The Columbus Day session lasted from 9:15 a.m. until 1:30 p.m., with senior adviser Valerie Jarrett present along with specialists from various parts of the administration, including the first lady's office. Among the 20 African Americans working on the Web were representatives of theRoot.com, Black Entertainment Television, Essence, Jack & Jill Politics, City Limits, Concrete Loop, AOL Black Voices, Black America Web and even the gossipy MediaTakeOut.

Monday's session is to be followed Friday by a presidential meeting with 10 members of the Trotter Group of African American columnists. Moreover, six or seven African American bloggers were credentialed for Obama's rally in Philadelphia last Sunday, although invitations were extended to about 20.

AAP says:  I was one of the 20 African American bloggers who was extended an invitation to be  credentialed for Obama's rally in Philadelphia last Sunday, unfortunately because of schedule conflicts, I was not able to attend the President's rally. 

The DNC and White House outreach effort with African American bloggers are noteworthy. The folks at Jack and Jill Politics and their partnership with Kevin S. Lewis , director, African American media for the White House is awesome. The work of senior DNC staffers, including Clyde E. Williams, Political Director for the DNC, along with Derrick L. Plummer, Regional Press Secretary,  and Jamiah Adams, New Media Constituency Manager at the DNC is equally as noteworthy. I can only wonder out loud if this effort is just to gain black blogger support for the mid-terms - only? I understand this is a political town.

Is the White House and the DNC reading the content of black blogger concerns regarding our economy and the need for the Obama administration to aggressively enforce of Federal contracting requirements, while establishing new programs in the Department of Commerce, and labor to address the need for job training and small business/micro business "grants" (not loans), for low-income urban dwellers?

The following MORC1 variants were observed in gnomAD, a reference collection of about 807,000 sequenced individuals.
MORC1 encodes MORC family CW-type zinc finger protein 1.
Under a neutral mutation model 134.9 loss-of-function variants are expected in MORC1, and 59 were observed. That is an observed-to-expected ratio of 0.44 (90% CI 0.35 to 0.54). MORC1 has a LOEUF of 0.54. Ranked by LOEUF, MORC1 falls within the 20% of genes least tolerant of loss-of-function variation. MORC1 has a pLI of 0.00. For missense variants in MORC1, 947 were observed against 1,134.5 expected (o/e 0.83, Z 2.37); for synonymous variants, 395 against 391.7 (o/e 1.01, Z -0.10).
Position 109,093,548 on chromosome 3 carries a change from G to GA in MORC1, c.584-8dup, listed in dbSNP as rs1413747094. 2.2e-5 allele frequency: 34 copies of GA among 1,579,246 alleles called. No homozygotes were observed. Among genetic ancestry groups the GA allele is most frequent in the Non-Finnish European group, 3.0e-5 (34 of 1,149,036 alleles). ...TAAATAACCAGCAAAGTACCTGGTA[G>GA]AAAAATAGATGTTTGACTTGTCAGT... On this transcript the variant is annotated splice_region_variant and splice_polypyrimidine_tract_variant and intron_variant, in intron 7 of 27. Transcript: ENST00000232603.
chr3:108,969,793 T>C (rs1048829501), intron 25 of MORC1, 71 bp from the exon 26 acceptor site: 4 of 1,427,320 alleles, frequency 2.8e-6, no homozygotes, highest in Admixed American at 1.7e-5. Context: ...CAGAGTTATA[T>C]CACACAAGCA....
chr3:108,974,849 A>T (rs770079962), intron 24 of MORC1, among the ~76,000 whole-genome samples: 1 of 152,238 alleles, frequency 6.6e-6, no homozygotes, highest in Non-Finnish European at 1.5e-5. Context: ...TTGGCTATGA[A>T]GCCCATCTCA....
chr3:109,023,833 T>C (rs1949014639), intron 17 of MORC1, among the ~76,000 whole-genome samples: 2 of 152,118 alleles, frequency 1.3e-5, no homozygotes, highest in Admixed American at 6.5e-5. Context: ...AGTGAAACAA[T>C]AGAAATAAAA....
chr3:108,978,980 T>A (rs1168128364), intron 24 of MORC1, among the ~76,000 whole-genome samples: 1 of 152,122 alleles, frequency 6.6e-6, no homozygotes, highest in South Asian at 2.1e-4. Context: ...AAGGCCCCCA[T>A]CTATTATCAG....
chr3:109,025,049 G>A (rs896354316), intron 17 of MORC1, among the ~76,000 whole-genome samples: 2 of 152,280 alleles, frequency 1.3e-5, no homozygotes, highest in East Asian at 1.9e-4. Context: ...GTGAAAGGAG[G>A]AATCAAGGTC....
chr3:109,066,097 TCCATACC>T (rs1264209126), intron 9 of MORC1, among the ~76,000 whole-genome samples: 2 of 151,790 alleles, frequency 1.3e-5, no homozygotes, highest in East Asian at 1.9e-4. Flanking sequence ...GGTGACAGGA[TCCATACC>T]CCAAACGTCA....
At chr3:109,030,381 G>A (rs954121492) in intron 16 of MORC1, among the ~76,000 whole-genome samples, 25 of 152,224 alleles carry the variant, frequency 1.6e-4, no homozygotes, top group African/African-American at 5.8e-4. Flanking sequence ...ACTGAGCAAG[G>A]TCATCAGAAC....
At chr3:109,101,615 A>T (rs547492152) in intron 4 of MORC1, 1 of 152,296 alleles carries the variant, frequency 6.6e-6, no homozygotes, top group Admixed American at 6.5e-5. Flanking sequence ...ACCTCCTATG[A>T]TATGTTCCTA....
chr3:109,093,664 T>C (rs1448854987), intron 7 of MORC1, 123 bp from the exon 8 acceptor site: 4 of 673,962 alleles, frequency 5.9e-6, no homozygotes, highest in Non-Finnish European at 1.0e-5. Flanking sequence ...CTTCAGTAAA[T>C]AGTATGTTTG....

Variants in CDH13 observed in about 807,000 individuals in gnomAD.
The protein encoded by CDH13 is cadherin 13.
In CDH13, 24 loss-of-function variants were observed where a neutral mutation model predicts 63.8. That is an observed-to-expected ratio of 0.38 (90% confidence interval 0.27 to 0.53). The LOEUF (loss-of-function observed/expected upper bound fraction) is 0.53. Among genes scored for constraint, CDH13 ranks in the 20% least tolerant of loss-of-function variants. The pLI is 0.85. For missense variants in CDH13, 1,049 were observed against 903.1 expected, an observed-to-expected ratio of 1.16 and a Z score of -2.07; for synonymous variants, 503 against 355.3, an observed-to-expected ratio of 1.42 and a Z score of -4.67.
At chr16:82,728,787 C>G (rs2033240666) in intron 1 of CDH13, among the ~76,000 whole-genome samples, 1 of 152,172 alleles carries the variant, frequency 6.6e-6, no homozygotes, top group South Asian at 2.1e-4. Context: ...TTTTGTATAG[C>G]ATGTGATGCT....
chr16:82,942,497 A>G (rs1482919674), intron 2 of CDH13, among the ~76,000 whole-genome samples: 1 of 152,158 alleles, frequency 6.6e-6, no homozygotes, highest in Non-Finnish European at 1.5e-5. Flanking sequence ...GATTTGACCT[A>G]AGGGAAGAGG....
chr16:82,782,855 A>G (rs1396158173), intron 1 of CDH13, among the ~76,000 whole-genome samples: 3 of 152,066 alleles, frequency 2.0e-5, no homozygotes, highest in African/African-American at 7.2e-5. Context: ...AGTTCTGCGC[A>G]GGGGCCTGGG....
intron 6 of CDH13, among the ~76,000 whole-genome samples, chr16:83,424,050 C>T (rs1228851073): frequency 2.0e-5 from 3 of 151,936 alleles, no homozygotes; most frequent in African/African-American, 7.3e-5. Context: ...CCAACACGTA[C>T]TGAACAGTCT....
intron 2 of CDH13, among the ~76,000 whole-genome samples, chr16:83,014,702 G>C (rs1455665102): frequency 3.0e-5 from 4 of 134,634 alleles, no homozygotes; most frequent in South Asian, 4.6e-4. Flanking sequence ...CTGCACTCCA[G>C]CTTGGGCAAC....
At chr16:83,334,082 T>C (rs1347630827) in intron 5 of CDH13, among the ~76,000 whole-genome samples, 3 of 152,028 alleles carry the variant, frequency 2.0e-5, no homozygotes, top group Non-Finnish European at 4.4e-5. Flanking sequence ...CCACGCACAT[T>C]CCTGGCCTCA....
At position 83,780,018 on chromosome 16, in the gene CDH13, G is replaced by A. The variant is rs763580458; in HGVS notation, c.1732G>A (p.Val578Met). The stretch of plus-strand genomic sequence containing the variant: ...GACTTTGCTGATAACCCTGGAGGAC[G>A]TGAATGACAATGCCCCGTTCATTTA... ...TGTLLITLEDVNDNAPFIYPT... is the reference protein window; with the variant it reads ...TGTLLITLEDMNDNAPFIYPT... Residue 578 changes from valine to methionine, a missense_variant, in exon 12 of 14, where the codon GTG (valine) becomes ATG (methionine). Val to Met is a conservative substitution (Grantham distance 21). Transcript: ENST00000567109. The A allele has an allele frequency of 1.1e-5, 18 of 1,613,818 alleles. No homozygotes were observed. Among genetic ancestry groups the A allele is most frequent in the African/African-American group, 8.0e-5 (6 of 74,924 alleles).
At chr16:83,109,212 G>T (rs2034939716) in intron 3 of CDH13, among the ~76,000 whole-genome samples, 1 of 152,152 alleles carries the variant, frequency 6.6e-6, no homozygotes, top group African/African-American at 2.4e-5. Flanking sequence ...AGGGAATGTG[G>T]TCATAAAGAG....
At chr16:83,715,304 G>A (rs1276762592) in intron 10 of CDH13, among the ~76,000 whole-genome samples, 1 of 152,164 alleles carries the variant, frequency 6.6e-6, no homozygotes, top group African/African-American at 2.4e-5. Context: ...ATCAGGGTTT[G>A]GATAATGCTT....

I hope the DNC and The White House will continue to expand the working group to other progressive African American bloggers, such as  Afro-Netizen, Black CommentatorBlack Agenda Report, Field Negro, Faye Anderson, Oliver WillisPrometheus 6Republic of TSkeptical Brotha, and so many others, who may have other observations and thoughts regarding what the administration can do to "really" address issues like jobs, the economy, health care, education, community capacity-building, and investment in our communities. I'm hopeful that the DNC and the White House is not, what some may consider the pimping the growing influence of black bloggers Only smart work and full engagement on the part of all parties, and time will tell... 

As a black Independent voter and blogger, I remain cautiously hopeful.

UPDATE: Check out the news article in the NY Times about the black bloggers meeting with President Barack Obama. It includes video link of White House meeting with President Obama, Valarie Jarrett and Black bloggers, including corporate so-called afro-centric news groups,The Root (owned by (the Washington Post) and the Grio (owned by NBC)